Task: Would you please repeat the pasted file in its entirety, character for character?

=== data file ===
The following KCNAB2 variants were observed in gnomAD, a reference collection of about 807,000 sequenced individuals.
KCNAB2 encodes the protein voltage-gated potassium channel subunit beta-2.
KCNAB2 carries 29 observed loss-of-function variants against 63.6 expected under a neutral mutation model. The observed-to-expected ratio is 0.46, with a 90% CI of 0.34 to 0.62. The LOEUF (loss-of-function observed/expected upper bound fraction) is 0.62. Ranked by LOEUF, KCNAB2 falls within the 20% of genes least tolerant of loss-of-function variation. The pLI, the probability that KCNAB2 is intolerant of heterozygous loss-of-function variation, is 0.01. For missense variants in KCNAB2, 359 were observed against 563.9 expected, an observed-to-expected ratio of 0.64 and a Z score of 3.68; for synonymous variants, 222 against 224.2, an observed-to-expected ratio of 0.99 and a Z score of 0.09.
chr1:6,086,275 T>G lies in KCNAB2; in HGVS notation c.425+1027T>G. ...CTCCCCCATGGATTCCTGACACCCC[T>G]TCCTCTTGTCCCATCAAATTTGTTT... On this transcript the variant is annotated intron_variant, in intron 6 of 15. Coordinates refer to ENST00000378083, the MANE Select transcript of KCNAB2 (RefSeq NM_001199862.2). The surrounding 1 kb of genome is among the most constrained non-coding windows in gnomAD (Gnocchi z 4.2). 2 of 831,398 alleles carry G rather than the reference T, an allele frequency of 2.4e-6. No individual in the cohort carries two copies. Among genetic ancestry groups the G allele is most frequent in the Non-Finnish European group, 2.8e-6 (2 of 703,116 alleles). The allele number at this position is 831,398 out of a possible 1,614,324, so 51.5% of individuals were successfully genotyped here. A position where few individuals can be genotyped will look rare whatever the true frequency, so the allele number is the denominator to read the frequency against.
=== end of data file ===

The following KCNAB2 variants were observed in gnomAD, a reference collection of about 807,000 sequenced individuals.
KCNAB2 encodes the protein voltage-gated potassium channel subunit beta-2.
KCNAB2 carries 29 observed loss-of-function variants against 63.6 expected under a neutral mutation model. The observed-to-expected ratio is 0.46, with a 90% CI of 0.34 to 0.62. The LOEUF (loss-of-function observed/expected upper bound fraction) is 0.62. Ranked by LOEUF, KCNAB2 falls within the 20% of genes least tolerant of loss-of-function variation. The pLI, the probability that KCNAB2 is intolerant of heterozygous loss-of-function variation, is 0.01. For missense variants in KCNAB2, 359 were observed against 563.9 expected, an observed-to-expected ratio of 0.64 and a Z score of 3.68; for synonymous variants, 222 against 224.2, an observed-to-expected ratio of 0.99 and a Z score of 0.09.
chr1:6,086,275 T>G lies in KCNAB2; in HGVS notation c.425+1027T>G. ...CTCCCCCATGGATTCCTGACACCCC[T>G]TCCTCTTGTCCCATCAAATTTGTTT... On this transcript the variant is annotated intron_variant, in intron 6 of 15. Coordinates refer to ENST00000378083, the MANE Select transcript of KCNAB2 (RefSeq NM_001199862.2). The surrounding 1 kb of genome is among the most constrained non-coding windows in gnomAD (Gnocchi z 4.2). 2 of 831,398 alleles carry G rather than the reference T, an allele frequency of 2.4e-6. No individual in the cohort carries two copies. Among genetic ancestry groups the G allele is most frequent in the Non-Finnish European group, 2.8e-6 (2 of 703,116 alleles). The allele number at this position is 831,398 out of a possible 1,614,324, so 51.5% of individuals were successfully genotyped here. A position where few individuals can be genotyped will look rare whatever the true frequency, so the allele number is the denominator to read the frequency against.